Following agreement to restore Blue Badge holders’ access to the city centre from 4 January 2024, residents are being invited to help shape and further improve the city centre’s accessibility.
The first phase of consultation on restoring access sought and secured agreement on five key areas. These shaped the decision on operational measures needed to restore access to the city centre for Blue Badge holders throughout the day. Over 3,030 people took part in that consultation. Of them, over 80% agreed to four of the five principles and, with 40% of respondents expressing concern about closing access during events, discussions are taking place with Make It York to consider how to make events more accessible.
On 12 October senior councillors on the Council’s Executive agreed to restore access to the city centre, in effect ‘reversing the ban’. Blue Badge access is now a permanent feature of the city. The consultation is to help understand from residents’ lived experience, how to improve both access measures in the short term and, in the longer term, by adding to the City Access Plan.
The restored access is:
- From 4 January 2024, Blue Badge holders will now be able to drive into the city centre when the footstreets are in operation from 10:30am-5pm. Their access will be via the staffed, sliding bollards at the junction of Goodramgate and Deangate, Church Street (two way) and out via CCTV-controlled sliding bollards at Colliergate.
- Once the installation and connection of the hostile vehicle measures is complete (expected Easter 2024), access for Blue Badge holders will also be via staffed, sliding bollards at Blake Street, through St Helen’s Square and out through CCTV-controlled sliding bollards at Lendal.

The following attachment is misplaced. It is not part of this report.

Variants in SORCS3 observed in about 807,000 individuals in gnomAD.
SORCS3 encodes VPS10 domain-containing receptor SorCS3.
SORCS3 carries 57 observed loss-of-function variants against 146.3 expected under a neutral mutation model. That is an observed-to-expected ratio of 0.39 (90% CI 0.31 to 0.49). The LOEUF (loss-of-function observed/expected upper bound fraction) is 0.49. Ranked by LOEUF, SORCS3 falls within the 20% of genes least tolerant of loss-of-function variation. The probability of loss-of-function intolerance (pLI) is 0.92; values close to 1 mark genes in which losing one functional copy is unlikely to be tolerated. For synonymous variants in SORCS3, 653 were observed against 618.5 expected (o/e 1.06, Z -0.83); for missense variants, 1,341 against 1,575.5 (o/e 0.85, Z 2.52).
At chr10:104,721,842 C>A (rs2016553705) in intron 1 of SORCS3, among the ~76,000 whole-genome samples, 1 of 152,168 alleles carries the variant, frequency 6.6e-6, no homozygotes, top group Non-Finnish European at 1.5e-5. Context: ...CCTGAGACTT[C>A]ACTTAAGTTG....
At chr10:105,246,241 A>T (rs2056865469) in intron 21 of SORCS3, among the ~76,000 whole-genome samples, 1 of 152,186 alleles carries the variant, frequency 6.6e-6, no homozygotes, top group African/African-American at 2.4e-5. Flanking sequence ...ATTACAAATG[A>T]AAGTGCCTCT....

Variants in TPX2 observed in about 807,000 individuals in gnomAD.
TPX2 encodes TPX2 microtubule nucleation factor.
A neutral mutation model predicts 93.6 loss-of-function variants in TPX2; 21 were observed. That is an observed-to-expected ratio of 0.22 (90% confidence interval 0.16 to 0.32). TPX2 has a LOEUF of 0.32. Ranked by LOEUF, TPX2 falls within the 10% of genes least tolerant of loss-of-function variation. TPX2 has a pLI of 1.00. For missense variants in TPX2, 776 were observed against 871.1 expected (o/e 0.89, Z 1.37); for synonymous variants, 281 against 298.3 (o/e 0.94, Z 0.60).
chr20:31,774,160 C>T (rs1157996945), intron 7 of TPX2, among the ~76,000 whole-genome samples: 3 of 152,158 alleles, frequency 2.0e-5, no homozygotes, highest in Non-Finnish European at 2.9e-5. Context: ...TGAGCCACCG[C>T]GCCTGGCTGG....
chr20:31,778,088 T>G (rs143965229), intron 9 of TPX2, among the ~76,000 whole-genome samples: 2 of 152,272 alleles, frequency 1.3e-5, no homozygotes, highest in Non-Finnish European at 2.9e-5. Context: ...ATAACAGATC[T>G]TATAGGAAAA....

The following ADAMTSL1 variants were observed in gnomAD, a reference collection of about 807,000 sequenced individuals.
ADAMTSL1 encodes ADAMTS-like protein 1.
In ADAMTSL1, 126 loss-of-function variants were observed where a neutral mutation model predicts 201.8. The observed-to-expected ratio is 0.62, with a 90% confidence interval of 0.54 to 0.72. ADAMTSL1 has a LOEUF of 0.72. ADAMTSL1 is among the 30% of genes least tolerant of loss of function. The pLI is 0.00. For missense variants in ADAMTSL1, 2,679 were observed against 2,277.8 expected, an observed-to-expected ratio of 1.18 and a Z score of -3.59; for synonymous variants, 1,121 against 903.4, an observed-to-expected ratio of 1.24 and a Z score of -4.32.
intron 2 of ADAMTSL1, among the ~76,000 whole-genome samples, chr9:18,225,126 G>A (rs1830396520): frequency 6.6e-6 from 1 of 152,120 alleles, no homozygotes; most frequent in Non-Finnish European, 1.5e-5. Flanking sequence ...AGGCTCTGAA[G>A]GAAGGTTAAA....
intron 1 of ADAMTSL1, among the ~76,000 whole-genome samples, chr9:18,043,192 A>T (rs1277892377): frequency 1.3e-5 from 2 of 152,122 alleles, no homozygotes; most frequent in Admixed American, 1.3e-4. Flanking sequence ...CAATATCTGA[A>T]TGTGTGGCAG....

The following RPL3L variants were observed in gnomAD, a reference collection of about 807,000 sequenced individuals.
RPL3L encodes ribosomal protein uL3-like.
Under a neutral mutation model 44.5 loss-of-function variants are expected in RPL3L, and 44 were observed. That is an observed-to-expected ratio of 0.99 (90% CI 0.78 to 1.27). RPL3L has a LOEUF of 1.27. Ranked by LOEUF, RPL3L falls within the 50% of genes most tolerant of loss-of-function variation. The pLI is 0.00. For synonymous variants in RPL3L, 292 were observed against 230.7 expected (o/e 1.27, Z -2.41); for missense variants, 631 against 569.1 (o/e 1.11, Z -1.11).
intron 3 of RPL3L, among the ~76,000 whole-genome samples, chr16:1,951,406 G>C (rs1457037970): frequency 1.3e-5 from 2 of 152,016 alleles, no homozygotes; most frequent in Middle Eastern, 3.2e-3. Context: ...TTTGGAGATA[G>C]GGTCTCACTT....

Residents and Blue Badge holders will continue to be able to drive into the city centre outside these hours.
To help make sure these access arrangements help the disabled community, the Council wants to work with disabled residents and others to understand how this access will work, and how it can be improved now and in the future. And to help Executive make an informed decision about the steps the council will take to ensure Blue Badge holders are able to easily and effectively access the city centre, an accessible and inclusive programme of engagement activities will be held from December to February. These include online consultations, workshops run by independent access specialists in collaboration with the Centre for Applied Human Rights and the council’s Access Officer and are for disabled residents and visitors, carers and city centre businesses. We are currently informing all York’s Blue Badge holders about this programme.
Workshops held in December will address how to make the measures work as well as possible in the short term. Workshops in the New Year will seek to co-produce longer term solutions that ensure the city is as accessible as possible to all.
Disabled residents and visitors, carers, businesses and café license holders will be invited to:
- Complete the survey online at www.york.gov.uk/BlueBadgeAccess or pick up a paper copy from West Offices’ Customer Service Centre or Explore Libraries. Completed surveys can be returned to West Offices, Customer Service Centre, Station Rise, York YO1 6GA, or scanned and emailed to OurBigConversation@york.gov.uk . Please return the consultation forms by 4 February 2024.